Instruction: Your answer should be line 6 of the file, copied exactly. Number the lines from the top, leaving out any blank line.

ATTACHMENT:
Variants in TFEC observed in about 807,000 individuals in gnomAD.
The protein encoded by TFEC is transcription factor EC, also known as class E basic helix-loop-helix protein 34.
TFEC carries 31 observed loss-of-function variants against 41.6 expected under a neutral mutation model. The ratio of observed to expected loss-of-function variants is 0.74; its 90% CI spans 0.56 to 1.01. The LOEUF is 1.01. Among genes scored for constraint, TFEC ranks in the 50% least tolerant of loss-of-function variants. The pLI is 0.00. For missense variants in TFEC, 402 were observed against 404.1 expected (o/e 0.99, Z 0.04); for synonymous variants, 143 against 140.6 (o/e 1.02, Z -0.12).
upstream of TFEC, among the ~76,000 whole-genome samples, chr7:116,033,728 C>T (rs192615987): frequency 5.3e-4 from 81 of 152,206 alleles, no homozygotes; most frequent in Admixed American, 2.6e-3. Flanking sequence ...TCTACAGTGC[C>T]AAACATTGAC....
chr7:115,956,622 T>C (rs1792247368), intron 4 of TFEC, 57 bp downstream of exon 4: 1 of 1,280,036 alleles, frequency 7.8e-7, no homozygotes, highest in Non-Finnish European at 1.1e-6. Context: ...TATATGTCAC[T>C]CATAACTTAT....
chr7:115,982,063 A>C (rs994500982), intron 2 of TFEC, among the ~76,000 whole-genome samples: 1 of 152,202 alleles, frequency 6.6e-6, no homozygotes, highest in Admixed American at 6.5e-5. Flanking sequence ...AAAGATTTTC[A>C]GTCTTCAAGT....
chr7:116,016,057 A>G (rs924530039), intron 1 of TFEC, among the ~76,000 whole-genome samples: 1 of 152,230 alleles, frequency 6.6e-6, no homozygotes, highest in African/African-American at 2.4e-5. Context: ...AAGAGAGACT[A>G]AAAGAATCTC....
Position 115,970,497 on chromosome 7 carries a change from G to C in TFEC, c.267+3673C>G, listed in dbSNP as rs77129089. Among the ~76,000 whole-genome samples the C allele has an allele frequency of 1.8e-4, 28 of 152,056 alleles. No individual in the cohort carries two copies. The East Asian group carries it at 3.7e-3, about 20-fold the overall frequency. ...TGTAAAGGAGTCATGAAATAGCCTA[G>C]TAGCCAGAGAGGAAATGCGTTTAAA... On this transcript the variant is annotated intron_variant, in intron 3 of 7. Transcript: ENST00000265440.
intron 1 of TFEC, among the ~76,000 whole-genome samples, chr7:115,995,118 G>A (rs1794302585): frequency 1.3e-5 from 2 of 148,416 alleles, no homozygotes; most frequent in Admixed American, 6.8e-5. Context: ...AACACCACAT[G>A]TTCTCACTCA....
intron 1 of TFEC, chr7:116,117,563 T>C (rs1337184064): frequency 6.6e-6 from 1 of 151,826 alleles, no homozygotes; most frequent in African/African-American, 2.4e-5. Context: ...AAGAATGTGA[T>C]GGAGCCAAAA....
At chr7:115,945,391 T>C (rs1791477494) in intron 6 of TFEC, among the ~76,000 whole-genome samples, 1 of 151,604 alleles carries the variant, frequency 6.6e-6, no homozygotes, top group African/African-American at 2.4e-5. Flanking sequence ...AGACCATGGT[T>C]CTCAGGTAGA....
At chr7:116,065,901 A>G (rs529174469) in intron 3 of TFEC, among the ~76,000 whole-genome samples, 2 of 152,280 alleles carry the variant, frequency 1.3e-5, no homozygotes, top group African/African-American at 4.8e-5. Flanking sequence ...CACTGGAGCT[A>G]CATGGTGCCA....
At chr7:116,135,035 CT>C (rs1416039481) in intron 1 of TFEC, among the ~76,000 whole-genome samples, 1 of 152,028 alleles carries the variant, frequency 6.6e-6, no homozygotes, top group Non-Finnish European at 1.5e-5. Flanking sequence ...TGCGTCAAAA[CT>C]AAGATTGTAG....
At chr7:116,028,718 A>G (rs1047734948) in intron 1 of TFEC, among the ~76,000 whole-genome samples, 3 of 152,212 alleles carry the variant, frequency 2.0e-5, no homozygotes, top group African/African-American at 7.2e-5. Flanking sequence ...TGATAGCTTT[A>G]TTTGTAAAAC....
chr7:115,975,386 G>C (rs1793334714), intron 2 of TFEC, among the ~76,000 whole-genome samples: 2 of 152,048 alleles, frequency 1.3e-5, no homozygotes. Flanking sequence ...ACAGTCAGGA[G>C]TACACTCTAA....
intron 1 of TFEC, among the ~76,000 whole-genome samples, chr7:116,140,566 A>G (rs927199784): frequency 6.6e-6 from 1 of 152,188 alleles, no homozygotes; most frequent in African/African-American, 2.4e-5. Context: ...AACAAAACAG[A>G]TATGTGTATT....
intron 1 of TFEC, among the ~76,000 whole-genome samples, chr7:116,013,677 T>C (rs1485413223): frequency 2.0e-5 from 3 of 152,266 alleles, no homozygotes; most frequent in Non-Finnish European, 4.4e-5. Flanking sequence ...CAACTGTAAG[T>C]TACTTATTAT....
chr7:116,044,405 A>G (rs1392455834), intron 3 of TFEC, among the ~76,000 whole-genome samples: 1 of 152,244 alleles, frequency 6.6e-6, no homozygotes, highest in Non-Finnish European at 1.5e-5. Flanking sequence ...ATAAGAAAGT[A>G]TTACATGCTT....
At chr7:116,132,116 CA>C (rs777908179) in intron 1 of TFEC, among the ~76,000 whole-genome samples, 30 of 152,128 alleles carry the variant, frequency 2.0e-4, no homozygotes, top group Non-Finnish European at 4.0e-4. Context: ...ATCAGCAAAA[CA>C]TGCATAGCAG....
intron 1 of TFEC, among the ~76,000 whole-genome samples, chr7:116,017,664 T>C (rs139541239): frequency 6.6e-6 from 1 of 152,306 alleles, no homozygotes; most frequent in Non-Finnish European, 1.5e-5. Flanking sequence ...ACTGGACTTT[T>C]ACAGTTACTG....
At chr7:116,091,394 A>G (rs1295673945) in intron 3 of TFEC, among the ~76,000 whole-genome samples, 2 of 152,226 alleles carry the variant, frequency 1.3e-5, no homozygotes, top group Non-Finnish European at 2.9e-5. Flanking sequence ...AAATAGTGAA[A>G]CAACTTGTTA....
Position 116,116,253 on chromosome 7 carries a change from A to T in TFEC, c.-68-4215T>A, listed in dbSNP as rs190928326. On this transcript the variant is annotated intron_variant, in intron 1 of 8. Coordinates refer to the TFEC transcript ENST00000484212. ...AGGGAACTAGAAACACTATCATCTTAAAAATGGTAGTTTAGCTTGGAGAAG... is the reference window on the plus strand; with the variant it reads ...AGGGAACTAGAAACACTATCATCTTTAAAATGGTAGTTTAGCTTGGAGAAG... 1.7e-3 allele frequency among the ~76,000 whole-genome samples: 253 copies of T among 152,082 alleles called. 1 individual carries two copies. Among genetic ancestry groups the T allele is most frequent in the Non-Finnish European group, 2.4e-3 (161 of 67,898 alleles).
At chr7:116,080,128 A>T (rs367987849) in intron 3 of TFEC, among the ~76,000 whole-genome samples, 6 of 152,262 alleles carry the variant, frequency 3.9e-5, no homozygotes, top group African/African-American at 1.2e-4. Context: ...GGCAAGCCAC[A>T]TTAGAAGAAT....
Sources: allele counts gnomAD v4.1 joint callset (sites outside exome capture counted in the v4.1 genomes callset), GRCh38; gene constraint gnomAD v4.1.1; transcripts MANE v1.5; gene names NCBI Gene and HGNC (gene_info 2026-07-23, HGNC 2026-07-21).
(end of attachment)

chr7:115,982,063 A>C (rs994500982), intron 2 of TFEC, among the ~76,000 whole-genome samples: 1 of 152,202 alleles, frequency 6.6e-6, no homozygotes, highest in Admixed American at 6.5e-5. Flanking sequence ...AAAGATTTTC[A>C]GTCTTCAAGT....